# Tag Info

34

Call the power company and report an outage You lost a phase. (one of the two hot wires from the service). I can tell, because if someone had been monkeying around in the service panel just prior to the water heater breaking, you would have mentioned that, yes? I hope no one is making a monkey out of me! What happened is, when the phase was lost, the water ...

4

A common reason for this problem is 1/2-size breakers used incorrectly. Normally a panel has alternating legs with each pair (left/right) first on one leg, next row on the other leg, next row back to the first leg. If you install 1/2-size breakers ("duplex", "double stuff", "tandem") then they share the same leg because they are ...

3

It means at both points you are measuring the same leg. This can happen when both leads are on the same leg in the panel or if one hot leg is connected to the heater you can see the full voltage of the hot connection through the heater. There could be many causes for one leg to be hot and the other open; a thermostat off or failed, failed breaker connection, ...

14

It means that the hots are on the same phase. They need to be on opposite phases for your heater to work. Make sure that both hots are fed from a 2 phase breaker in your panel And not a narrow double stuff breaker..

1

There are scenarios where you can put 120 and 240v receptacles on the same multiwire branch circuit, but the catch here is that it is not Code legal to put a 15 or 20A receptacle on a 30A circuit. Imagine a 120v/1500w dryer element goes short drawing triple the current putting out triple the heat. 4500w/120v = 37.5A. Looking at a breaker trip curve a 20A ...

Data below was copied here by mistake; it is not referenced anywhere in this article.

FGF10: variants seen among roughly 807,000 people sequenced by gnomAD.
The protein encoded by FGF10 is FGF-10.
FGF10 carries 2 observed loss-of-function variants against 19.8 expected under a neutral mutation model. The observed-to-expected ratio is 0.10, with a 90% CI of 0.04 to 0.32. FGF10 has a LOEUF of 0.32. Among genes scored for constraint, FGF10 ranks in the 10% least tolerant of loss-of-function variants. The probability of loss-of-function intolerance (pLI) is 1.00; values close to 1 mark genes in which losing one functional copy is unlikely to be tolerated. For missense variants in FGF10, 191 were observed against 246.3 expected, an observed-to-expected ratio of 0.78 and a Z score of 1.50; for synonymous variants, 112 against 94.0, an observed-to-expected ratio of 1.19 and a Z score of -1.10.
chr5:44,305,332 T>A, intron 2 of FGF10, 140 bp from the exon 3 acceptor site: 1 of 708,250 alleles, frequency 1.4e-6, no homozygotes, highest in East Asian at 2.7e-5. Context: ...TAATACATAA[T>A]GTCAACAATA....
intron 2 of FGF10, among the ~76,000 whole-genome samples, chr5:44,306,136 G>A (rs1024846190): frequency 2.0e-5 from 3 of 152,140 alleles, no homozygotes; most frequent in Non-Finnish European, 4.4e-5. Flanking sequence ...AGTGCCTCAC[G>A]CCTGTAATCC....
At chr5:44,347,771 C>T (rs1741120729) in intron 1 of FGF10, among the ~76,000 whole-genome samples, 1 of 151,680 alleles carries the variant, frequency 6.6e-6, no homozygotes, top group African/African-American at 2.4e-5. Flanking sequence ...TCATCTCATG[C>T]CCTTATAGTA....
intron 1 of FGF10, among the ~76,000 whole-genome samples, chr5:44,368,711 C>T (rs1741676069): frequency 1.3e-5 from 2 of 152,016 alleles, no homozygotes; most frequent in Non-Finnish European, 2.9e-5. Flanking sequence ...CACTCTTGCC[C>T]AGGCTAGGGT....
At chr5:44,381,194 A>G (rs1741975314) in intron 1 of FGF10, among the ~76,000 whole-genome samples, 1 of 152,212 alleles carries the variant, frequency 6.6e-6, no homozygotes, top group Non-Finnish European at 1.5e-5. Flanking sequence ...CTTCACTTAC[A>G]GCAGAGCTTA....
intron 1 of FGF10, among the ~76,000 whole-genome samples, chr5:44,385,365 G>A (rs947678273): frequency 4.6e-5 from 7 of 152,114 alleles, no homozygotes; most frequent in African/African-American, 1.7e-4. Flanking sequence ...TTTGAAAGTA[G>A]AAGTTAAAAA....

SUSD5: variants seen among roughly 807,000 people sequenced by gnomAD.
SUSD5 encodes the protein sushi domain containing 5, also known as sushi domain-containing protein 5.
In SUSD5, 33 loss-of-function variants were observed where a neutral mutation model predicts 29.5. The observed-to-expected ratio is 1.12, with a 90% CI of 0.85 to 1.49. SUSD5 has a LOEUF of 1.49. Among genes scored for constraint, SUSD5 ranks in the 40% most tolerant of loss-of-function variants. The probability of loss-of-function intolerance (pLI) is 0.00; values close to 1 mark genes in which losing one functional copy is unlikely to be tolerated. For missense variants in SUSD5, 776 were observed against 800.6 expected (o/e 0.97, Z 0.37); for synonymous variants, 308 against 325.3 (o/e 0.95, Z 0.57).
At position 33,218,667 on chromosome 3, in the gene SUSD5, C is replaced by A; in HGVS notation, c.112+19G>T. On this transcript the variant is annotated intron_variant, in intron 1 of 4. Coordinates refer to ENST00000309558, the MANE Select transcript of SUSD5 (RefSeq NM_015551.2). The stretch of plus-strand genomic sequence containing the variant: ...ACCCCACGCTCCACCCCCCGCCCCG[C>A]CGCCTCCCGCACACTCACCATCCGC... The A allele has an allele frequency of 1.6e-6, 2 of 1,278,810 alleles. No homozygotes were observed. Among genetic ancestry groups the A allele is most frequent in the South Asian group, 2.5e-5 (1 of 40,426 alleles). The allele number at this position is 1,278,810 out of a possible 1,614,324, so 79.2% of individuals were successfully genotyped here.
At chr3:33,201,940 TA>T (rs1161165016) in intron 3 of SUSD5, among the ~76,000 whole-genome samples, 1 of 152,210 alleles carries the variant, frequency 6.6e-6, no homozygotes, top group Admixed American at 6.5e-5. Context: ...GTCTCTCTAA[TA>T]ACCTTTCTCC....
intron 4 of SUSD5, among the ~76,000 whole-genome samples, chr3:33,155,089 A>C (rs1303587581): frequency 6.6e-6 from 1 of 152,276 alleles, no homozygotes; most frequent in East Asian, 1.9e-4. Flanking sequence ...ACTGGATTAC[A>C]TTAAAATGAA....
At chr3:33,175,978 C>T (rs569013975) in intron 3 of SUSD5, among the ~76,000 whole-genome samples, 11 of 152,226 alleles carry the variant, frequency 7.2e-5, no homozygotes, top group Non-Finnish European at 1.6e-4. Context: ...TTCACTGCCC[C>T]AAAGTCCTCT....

3

I'd just add an extra outlet to the 120V circuit that's already required in the laundry area Instead of jumping thru hoops to try to wedge a subpanel into the laundry area (which is what you'd have to do to make your proposal Code-legal), I'd simply run a short length of Wiremold from the existing washing machine outlet to a surface box behind the dryer and ...

0

The green wire with the yellow stripe is ground, which will connect to the green or bare wire. The brown and blue wires are the hots, which will connect to the black and the red, or the black and the white of the red is not available. Which is which between the brown and the blue does not matter.

4

Just wire it up like a table saw. Hot-Hot-Ground. Never use the obsolete and dangerous NEMA 10 connector. Whether you need neutral or not, a 4-wire NEMA 14 connector is always OK, and provides the most versatile socket (it will support 120/240V loads also). If you don't need neutral, a NEMA 6 connector is just right. You can use black-white cable, and re-...

0

This will be a brief answer; I'm sure others could be more complete. The short answer is yes only if the existing wiring is a multiconductor cable such as NM and not individual wires like THHN in conduit. However, it has to be done carefully. You have to change to a normal 15 or 20 A breaker for your typical 120 V receptacle or it wont be protected from ...

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